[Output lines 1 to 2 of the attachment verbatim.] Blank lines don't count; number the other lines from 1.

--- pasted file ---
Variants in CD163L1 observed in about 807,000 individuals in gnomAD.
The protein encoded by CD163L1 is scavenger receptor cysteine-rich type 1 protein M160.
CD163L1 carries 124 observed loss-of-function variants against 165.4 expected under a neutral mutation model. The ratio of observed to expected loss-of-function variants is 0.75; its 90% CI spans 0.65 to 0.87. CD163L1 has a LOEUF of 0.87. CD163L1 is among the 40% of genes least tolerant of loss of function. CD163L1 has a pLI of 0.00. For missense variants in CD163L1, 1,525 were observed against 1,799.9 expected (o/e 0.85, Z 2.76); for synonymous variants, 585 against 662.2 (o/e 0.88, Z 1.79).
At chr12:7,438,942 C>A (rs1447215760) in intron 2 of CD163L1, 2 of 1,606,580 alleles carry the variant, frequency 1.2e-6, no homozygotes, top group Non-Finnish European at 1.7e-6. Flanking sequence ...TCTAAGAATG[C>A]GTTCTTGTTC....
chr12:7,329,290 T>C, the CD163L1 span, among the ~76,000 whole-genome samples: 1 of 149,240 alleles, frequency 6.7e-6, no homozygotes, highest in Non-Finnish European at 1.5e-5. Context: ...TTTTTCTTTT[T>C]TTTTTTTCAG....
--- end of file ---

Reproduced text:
Variants in CD163L1 observed in about 807,000 individuals in gnomAD.
The protein encoded by CD163L1 is scavenger receptor cysteine-rich type 1 protein M160.